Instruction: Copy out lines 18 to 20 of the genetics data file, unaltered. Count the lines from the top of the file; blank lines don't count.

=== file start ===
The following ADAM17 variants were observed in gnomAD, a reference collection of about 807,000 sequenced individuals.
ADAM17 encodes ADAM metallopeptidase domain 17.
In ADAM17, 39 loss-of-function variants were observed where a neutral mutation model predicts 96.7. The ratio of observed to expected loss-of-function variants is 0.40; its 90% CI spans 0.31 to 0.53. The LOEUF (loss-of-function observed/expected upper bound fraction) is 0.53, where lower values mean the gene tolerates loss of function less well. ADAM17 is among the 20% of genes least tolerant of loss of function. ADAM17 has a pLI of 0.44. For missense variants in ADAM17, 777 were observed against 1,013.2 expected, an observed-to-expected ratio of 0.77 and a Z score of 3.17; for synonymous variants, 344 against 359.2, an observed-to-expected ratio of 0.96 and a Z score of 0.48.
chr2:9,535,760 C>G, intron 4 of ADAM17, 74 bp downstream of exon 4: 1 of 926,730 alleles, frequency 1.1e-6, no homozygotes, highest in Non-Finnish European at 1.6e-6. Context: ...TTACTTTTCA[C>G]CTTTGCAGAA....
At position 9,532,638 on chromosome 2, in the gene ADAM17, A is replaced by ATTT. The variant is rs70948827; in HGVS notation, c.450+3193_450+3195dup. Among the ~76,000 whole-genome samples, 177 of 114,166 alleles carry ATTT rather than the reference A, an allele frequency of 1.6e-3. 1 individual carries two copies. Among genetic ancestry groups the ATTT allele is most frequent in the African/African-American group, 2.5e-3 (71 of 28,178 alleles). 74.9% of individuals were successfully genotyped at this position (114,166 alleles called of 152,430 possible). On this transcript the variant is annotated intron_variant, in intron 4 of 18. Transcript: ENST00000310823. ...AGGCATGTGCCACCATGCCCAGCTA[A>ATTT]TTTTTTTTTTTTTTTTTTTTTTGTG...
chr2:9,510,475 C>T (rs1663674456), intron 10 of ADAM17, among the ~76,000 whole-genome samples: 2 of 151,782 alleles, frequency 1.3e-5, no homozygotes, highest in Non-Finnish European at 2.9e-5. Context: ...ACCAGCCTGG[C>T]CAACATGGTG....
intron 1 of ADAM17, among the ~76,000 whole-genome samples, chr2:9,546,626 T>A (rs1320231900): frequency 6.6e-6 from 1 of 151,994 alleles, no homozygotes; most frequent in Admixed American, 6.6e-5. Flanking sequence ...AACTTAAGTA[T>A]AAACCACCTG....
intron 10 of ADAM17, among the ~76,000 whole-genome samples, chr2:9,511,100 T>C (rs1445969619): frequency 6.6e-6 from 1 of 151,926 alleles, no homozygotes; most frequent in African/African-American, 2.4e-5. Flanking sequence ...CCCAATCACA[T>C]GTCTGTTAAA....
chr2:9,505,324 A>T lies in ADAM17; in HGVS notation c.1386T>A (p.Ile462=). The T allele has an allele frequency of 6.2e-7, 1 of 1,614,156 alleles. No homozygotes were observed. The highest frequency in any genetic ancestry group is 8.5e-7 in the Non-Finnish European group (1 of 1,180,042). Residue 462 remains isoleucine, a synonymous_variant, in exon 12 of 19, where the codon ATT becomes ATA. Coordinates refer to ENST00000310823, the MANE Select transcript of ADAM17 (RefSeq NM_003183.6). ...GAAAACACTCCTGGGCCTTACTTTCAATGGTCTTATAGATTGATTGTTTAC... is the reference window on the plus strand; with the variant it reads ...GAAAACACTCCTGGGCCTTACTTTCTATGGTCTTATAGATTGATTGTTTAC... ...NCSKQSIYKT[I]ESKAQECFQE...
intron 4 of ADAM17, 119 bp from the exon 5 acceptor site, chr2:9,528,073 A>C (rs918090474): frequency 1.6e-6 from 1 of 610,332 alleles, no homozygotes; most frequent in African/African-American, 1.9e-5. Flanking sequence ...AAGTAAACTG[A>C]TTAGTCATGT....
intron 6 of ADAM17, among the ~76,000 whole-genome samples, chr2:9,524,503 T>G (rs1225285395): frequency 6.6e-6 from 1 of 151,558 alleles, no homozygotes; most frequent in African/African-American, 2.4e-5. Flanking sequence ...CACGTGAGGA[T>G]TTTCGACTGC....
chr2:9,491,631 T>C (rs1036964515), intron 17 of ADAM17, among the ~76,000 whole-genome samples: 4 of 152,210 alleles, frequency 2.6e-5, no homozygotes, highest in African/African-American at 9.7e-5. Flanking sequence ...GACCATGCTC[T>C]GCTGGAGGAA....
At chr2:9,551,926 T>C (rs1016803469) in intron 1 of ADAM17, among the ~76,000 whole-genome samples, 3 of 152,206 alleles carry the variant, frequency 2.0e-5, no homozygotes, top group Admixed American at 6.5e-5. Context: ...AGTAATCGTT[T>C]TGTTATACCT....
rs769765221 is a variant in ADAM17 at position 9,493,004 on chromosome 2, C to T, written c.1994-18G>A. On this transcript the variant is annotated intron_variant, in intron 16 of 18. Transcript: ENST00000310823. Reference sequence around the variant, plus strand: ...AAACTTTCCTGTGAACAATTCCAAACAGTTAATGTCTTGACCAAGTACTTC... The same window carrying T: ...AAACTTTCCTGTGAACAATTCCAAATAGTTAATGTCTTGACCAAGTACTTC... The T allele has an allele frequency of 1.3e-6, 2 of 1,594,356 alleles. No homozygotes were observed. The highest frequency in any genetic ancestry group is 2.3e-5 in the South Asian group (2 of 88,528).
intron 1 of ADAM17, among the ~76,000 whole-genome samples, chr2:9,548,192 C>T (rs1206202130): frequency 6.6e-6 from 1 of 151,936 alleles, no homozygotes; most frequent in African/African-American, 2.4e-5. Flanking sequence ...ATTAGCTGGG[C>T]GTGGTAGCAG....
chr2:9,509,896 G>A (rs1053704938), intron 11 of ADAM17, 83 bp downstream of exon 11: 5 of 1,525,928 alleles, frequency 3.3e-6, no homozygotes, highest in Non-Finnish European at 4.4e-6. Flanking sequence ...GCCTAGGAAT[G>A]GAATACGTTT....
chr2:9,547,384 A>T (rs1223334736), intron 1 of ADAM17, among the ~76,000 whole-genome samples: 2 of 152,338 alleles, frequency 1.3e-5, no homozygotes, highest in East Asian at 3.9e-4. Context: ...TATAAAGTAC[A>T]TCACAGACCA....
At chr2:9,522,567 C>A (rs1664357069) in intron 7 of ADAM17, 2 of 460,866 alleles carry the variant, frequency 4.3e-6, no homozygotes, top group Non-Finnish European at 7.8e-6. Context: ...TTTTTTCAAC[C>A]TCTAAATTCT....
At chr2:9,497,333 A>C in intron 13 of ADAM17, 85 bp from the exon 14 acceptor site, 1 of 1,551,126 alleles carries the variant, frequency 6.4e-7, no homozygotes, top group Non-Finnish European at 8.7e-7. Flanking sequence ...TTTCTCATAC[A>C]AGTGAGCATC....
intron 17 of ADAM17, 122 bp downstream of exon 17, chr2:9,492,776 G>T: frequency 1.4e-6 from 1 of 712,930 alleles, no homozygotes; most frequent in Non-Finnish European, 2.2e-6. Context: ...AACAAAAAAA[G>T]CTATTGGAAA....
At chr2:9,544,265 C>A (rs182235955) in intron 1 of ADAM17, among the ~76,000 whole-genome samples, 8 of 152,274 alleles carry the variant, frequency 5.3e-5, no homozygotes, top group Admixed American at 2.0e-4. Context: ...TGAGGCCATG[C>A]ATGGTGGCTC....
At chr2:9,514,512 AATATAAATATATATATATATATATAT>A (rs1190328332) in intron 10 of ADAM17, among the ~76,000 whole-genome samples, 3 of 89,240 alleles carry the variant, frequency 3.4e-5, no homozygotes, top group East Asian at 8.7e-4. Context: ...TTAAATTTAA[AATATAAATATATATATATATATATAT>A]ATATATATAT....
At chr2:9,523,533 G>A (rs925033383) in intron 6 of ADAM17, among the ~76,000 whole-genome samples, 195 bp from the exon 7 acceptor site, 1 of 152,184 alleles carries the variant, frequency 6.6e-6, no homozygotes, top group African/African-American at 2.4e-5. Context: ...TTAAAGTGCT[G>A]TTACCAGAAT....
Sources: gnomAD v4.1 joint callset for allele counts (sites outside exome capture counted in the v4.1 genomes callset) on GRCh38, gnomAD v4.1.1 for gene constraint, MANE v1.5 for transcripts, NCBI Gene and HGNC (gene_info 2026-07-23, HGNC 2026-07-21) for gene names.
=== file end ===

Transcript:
At chr2:9,522,567 C>A (rs1664357069) in intron 7 of ADAM17, 2 of 460,866 alleles carry the variant, frequency 4.3e-6, no homozygotes, top group Non-Finnish European at 7.8e-6. Context: ...TTTTTTCAAC[C>A]TCTAAATTCT....
At chr2:9,497,333 A>C in intron 13 of ADAM17, 85 bp from the exon 14 acceptor site, 1 of 1,551,126 alleles carries the variant, frequency 6.4e-7, no homozygotes, top group Non-Finnish European at 8.7e-7. Flanking sequence ...TTTCTCATAC[A>C]AGTGAGCATC....
intron 17 of ADAM17, 122 bp downstream of exon 17, chr2:9,492,776 G>T: frequency 1.4e-6 from 1 of 712,930 alleles, no homozygotes; most frequent in Non-Finnish European, 2.2e-6. Context: ...AACAAAAAAA[G>T]CTATTGGAAA....